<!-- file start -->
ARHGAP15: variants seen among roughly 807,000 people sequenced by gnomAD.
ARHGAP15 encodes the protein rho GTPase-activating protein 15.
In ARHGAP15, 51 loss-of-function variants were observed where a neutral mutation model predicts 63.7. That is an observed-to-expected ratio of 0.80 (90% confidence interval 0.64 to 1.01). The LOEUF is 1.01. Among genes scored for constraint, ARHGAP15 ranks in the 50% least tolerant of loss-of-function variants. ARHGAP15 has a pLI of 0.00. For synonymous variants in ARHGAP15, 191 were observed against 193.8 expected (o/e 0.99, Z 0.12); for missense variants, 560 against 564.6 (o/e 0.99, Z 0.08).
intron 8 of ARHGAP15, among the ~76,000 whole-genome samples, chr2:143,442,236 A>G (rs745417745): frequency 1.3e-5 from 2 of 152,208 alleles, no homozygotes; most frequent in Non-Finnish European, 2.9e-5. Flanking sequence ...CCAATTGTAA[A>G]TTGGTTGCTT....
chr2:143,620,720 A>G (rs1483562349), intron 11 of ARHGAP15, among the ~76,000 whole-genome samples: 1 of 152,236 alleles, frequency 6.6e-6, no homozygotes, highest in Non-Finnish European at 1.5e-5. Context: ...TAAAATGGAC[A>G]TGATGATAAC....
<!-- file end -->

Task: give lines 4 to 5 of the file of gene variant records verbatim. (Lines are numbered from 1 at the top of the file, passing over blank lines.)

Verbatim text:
intron 8 of ARHGAP15, among the ~76,000 whole-genome samples, chr2:143,442,236 A>G (rs745417745): frequency 1.3e-5 from 2 of 152,208 alleles, no homozygotes; most frequent in Non-Finnish European, 2.9e-5. Flanking sequence ...CCAATTGTAA[A>G]TTGGTTGCTT....
chr2:143,620,720 A>G (rs1483562349), intron 11 of ARHGAP15, among the ~76,000 whole-genome samples: 1 of 152,236 alleles, frequency 6.6e-6, no homozygotes, highest in Non-Finnish European at 1.5e-5. Context: ...TAAAATGGAC[A>G]TGATGATAAC....